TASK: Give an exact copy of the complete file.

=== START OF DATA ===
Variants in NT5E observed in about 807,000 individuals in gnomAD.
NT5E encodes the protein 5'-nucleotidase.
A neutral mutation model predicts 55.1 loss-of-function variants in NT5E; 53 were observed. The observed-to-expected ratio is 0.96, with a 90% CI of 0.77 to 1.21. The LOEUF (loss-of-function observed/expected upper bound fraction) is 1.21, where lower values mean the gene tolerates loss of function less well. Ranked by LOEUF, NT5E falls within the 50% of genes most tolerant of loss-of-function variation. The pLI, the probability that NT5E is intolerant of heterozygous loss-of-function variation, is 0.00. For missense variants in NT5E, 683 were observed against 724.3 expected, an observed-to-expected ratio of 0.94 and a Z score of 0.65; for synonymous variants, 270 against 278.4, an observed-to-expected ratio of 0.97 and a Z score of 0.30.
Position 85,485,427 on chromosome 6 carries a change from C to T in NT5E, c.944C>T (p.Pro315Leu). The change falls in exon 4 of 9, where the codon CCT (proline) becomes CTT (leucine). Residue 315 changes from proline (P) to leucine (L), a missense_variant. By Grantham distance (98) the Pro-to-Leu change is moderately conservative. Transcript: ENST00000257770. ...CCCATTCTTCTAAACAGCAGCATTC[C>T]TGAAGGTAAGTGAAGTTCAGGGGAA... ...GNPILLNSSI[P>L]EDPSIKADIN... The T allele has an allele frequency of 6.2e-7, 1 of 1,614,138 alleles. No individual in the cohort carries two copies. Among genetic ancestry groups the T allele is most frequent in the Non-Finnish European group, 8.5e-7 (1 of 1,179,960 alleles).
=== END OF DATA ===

Variants in NT5E observed in about 807,000 individuals in gnomAD.
NT5E encodes the protein 5'-nucleotidase.
A neutral mutation model predicts 55.1 loss-of-function variants in NT5E; 53 were observed. The observed-to-expected ratio is 0.96, with a 90% CI of 0.77 to 1.21. The LOEUF (loss-of-function observed/expected upper bound fraction) is 1.21, where lower values mean the gene tolerates loss of function less well. Ranked by LOEUF, NT5E falls within the 50% of genes most tolerant of loss-of-function variation. The pLI, the probability that NT5E is intolerant of heterozygous loss-of-function variation, is 0.00. For missense variants in NT5E, 683 were observed against 724.3 expected, an observed-to-expected ratio of 0.94 and a Z score of 0.65; for synonymous variants, 270 against 278.4, an observed-to-expected ratio of 0.97 and a Z score of 0.30.
Position 85,485,427 on chromosome 6 carries a change from C to T in NT5E, c.944C>T (p.Pro315Leu). The change falls in exon 4 of 9, where the codon CCT (proline) becomes CTT (leucine). Residue 315 changes from proline (P) to leucine (L), a missense_variant. By Grantham distance (98) the Pro-to-Leu change is moderately conservative. Transcript: ENST00000257770. ...CCCATTCTTCTAAACAGCAGCATTC[C>T]TGAAGGTAAGTGAAGTTCAGGGGAA... ...GNPILLNSSI[P>L]EDPSIKADIN... The T allele has an allele frequency of 6.2e-7, 1 of 1,614,138 alleles. No individual in the cohort carries two copies. Among genetic ancestry groups the T allele is most frequent in the Non-Finnish European group, 8.5e-7 (1 of 1,179,960 alleles).